Understanding the brain's responses to angry faces could help diagnosis.
Soldiers with post-traumatic stress disorder (PTSD) are more 'tuned' to perceive threatening facial expressions than people without PTSD because of more over-connected brain circuits, according to a new study published in the journal Heliyon. The researchers behind the study, from The Hospital for Sick Children (SickKids) in Canada, in partnership with the Canadian Armed Forces, say understanding how this works could help researchers develop better ways to assess when soldiers are ready to be redeployed.
A study of the Canadian Armed Forces estimates that 86% of those serving in the armed forces will experience some kind of trauma, such as physical or sexual assault, combat or disaster. This leads to around 7% of those in the Canadian Military developing PTSD at some point in their lives, the risk being higher in soldiers compared to civilians.
PTSD is diagnosed by a physician or psychologist, and can be treated with psychotherapy and medication. However, it is difficult to assess as the symptoms can vary considerably; many are similar to those of concussion - such as memory loss and attention deficit - so the two conditions can be confused. Understanding the brain circuitry that makes PTSD patients more sensitive to threatening facial expressions could help identify ways to scan the brain and diagnose the condition.
"The heightened perception of anger in PTSD is driven by complicated brain circuitry where the mechanism of communication among a number of key regions that control fear and emotion is over-connected," explained Dr. Benjamin Dunkley, lead author of the study from SickKids.
"Potentially, our new findings can tell us about the heightened threat perception people with PTSD experience - known as hyperarousal - and allow us to develop novel ways of assessing treatment and determining when a soldier is ready to return to deployment."
Individuals with PTSD have a heightened perception of threat, caused by changes in brain activity. Parts of the brain crucial for emotional reactions, called the amygdalae, are overactive and trigger the "fight or flight" response more readily. The part of the brain that is important for inhibiting fear, called the ventral medial prefrontal cortex, is underactive. However, we do not yet understand how these two regions communicate.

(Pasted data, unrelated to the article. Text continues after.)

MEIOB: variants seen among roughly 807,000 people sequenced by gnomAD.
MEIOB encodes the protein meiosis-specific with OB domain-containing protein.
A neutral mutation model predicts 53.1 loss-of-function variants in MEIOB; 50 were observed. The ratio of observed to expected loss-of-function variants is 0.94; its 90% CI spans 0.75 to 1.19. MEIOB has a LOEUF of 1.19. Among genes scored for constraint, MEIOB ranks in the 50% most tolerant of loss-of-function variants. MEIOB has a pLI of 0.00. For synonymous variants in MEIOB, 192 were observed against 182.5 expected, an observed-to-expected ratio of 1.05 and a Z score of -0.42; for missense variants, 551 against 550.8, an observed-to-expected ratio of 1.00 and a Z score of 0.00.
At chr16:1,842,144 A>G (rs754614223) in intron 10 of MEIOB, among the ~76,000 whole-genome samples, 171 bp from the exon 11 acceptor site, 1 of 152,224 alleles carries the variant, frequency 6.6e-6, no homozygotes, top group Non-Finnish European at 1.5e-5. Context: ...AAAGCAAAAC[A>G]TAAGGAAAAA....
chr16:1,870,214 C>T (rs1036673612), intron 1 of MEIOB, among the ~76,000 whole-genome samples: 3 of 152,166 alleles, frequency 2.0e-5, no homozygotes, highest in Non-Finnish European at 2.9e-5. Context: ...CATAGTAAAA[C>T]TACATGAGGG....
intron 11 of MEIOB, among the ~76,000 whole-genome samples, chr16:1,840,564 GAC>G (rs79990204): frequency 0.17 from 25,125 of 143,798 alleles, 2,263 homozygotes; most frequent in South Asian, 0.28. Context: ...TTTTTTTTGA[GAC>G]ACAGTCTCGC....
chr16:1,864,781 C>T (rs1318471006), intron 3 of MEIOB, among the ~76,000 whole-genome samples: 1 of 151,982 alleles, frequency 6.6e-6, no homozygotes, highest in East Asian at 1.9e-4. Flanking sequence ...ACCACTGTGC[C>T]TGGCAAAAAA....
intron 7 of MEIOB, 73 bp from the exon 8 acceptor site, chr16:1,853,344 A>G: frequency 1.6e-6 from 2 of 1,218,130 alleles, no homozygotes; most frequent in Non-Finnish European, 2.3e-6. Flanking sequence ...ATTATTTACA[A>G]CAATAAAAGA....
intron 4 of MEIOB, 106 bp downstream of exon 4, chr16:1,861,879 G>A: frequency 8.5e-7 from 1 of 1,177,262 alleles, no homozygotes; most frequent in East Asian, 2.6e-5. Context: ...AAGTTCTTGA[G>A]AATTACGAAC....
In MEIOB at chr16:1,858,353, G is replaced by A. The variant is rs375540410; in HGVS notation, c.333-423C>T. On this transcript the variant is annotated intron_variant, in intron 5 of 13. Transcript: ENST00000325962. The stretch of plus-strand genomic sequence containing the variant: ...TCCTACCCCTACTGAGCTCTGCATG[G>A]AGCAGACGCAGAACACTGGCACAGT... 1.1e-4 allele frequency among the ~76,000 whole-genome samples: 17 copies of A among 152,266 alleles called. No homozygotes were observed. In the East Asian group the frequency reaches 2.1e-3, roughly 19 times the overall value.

In the new study, Dr. Dunkley and the team showed Canadian Armed Forces soldiers with and without PTSD pictures of angry and happy faces and monitored their brain activity. They carried out the study with 20 soldiers with PTSD and 25 without, and compared the brain activity in the amygdalae and ventral medial prefrontal cortex between the two groups.
The results showed that the soldiers' behavioural reactions to the faces were similar, but their brain responses were very different. The researchers found that a high number of brain regions were over-connected in soldiers with PTSD when they were shown photos of angry faces, but not when they looked at happy faces.
Furthermore, they found that both the amygdala and the ventral medial prefrontal cortex were highly connected to other brain regions in soldiers with PTSD when looking at angry faces. This suggests that the heightened perception of threat experienced by those with PTSD is caused by a set of brain regions and circuits becoming over-connected.
"We were surprised to find that all key brain circuits were over-connected in PTSD," said Dr. Dunkley. "This may be why emotional responses are so immediate and automatic, and why threatening faces are such a trigger. These findings emphasize the challenges of living with this PTSD and treating PTSD."
Similar studies had been done previously using MRI, but this method involves a time lag between the response and the measurement, which affects the results. For the new study, the researchers used a technique called magnetoencephalography (MEG) that can directly measure brain activity in real-time.
"The latest advances in imaging techniques are pushing forward the boundaries of what we know about the human central nervous system, and are increasingly being used to study psychiatric and neurological conditions, providing valuable information about the neurobiological basis of such disorders," said Dr. Dunkley. "PTSD is a complicated, multifaceted disorder that can be now be studied using these advanced techniques."